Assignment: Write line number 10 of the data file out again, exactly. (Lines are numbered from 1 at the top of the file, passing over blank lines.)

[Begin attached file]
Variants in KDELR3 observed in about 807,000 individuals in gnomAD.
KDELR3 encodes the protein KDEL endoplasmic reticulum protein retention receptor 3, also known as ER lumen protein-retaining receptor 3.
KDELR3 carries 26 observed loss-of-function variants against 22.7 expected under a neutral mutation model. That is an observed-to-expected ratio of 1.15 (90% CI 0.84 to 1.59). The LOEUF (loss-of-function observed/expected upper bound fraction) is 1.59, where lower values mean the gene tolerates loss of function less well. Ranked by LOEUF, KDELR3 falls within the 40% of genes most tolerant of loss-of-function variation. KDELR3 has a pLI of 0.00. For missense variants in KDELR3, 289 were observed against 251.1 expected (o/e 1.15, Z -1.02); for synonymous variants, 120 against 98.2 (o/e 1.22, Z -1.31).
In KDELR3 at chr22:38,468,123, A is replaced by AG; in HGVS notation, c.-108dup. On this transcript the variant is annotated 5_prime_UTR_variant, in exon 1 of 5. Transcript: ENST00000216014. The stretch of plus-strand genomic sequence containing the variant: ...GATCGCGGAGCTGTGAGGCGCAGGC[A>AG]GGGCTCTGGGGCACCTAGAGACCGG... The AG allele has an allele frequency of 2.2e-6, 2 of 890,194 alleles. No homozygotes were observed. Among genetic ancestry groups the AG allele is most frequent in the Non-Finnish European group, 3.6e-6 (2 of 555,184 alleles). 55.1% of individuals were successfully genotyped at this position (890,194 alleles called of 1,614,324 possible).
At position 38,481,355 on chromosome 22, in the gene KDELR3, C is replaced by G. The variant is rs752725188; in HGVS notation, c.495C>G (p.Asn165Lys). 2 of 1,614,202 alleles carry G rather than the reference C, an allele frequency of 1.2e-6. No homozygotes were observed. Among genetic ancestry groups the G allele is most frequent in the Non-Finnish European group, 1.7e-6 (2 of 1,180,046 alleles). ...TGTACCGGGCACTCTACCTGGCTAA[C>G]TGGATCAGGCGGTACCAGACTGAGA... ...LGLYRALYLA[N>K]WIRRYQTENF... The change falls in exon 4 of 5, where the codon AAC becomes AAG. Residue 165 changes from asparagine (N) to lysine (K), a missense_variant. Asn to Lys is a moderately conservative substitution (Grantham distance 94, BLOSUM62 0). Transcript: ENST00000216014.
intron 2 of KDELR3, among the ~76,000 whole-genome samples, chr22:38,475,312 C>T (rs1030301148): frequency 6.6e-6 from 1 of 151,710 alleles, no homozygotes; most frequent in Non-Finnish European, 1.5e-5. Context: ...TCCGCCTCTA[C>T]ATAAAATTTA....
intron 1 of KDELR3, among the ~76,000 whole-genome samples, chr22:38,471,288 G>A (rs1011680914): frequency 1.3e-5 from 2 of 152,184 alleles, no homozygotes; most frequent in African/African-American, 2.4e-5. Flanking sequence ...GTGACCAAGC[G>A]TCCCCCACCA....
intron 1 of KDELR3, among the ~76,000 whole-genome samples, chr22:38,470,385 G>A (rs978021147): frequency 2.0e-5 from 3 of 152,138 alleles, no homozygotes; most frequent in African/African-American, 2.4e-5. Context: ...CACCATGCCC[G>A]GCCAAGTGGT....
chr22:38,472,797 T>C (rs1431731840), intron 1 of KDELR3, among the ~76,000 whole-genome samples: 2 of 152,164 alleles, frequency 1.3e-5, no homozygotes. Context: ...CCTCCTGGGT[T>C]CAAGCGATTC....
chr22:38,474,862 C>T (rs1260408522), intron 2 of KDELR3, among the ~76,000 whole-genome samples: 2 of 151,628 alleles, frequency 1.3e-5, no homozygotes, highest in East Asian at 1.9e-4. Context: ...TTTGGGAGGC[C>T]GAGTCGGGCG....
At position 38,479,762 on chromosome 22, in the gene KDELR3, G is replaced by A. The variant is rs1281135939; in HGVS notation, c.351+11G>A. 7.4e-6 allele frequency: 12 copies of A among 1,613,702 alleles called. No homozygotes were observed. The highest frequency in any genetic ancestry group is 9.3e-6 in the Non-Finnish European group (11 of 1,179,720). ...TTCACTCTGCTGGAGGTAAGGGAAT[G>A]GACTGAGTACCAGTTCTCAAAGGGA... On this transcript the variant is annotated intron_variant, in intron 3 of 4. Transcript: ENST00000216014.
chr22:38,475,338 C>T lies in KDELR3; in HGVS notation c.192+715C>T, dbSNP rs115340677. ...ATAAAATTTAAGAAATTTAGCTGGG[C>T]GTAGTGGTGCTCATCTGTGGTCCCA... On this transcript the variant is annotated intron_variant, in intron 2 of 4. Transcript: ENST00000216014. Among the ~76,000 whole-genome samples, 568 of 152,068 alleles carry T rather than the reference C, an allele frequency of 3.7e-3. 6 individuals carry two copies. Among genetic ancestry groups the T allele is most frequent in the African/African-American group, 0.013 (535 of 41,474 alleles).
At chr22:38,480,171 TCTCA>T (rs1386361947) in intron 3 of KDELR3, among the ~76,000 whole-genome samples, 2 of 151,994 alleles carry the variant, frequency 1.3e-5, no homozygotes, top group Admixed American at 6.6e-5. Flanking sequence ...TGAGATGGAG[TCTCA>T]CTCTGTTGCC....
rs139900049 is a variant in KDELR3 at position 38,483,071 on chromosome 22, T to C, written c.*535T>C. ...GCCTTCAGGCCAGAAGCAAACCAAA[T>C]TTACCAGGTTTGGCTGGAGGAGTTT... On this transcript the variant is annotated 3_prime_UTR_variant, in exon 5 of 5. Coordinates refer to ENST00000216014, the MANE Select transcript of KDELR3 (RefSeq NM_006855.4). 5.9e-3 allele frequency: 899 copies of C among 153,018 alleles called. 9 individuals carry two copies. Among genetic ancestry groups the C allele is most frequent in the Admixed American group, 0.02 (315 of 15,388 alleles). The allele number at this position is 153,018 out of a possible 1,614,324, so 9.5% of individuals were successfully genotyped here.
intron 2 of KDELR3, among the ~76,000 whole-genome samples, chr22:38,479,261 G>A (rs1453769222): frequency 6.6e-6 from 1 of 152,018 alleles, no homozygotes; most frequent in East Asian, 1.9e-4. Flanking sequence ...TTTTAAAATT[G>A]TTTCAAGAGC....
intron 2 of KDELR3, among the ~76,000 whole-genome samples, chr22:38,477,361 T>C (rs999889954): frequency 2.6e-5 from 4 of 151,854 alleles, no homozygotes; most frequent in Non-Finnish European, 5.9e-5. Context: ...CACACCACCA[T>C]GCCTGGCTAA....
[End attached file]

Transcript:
chr22:38,474,862 C>T (rs1260408522), intron 2 of KDELR3, among the ~76,000 whole-genome samples: 2 of 151,628 alleles, frequency 1.3e-5, no homozygotes, highest in East Asian at 1.9e-4. Context: ...TTTGGGAGGC[C>T]GAGTCGGGCG....